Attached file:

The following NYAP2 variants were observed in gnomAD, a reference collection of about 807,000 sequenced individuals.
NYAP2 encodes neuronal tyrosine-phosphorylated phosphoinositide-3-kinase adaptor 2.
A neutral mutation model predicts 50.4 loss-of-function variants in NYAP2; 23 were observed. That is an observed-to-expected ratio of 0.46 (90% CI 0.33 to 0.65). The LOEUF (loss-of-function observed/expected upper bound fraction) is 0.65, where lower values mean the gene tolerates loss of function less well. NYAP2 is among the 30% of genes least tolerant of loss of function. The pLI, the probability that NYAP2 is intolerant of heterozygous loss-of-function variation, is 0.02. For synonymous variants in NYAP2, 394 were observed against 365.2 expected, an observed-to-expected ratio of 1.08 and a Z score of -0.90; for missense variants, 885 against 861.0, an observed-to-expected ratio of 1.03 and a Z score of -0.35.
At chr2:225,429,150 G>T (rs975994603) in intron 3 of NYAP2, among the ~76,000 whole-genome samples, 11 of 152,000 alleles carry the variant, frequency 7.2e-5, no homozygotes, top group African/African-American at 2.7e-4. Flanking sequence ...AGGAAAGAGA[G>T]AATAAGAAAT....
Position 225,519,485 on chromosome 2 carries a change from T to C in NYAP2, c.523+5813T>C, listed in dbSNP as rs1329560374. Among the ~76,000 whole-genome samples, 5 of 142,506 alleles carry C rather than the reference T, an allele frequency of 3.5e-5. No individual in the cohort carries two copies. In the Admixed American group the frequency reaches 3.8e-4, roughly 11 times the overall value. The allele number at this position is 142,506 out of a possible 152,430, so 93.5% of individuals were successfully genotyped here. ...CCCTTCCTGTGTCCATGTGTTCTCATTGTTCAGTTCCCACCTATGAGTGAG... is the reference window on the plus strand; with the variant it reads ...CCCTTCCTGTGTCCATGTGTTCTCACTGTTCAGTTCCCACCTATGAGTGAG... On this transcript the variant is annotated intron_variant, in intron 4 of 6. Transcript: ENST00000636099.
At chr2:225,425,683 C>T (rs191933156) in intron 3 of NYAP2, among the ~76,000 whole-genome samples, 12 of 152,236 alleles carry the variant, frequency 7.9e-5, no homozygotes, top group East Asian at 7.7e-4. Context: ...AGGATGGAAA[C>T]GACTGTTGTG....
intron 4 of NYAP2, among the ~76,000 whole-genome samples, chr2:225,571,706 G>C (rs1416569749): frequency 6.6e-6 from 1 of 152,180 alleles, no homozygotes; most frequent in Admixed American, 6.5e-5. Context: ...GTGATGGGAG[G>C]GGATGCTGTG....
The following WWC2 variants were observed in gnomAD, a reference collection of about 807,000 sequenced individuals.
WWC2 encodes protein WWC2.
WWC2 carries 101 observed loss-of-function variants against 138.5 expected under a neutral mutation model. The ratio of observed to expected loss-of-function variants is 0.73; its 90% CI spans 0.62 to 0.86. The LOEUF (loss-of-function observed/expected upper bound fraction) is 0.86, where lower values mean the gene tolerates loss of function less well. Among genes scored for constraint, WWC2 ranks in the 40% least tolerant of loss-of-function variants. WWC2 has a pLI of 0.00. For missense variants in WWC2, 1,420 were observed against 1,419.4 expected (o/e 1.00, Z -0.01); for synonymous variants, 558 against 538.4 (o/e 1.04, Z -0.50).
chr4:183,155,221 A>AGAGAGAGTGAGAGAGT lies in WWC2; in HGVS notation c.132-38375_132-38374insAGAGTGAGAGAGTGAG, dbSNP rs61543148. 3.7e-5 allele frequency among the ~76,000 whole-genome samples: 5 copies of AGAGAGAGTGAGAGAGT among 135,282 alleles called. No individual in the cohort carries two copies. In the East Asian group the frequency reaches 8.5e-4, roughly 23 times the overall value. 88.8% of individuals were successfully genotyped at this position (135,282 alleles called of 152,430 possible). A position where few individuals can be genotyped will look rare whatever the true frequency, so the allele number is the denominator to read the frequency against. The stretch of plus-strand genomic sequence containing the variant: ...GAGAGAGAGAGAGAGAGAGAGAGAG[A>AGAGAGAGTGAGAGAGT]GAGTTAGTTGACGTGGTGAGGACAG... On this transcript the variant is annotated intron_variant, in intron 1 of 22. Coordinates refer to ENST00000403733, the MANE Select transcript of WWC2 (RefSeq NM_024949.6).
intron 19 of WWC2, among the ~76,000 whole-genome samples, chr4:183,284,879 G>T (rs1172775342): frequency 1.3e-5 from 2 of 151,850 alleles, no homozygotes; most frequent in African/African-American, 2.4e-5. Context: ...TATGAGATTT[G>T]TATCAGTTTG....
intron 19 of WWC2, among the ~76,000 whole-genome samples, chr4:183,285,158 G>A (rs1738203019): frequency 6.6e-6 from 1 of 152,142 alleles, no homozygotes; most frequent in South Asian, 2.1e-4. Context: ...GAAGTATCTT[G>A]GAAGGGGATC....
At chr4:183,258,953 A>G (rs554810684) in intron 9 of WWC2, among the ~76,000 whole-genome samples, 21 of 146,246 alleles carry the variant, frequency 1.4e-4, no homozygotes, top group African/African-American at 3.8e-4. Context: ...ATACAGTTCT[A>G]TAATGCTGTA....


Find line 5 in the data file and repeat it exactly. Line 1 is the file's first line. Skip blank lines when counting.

Position 225,519,485 on chromosome 2 carries a change from T to C in NYAP2, c.523+5813T>C, listed in dbSNP as rs1329560374. Among the ~76,000 whole-genome samples, 5 of 142,506 alleles carry C rather than the reference T, an allele frequency of 3.5e-5. No individual in the cohort carries two copies. In the Admixed American group the frequency reaches 3.8e-4, roughly 11 times the overall value. The allele number at this position is 142,506 out of a possible 152,430, so 93.5% of individuals were successfully genotyped here. ...CCCTTCCTGTGTCCATGTGTTCTCATTGTTCAGTTCCCACCTATGAGTGAG... is the reference window on the plus strand; with the variant it reads ...CCCTTCCTGTGTCCATGTGTTCTCACTGTTCAGTTCCCACCTATGAGTGAG... On this transcript the variant is annotated intron_variant, in intron 4 of 6. Transcript: ENST00000636099.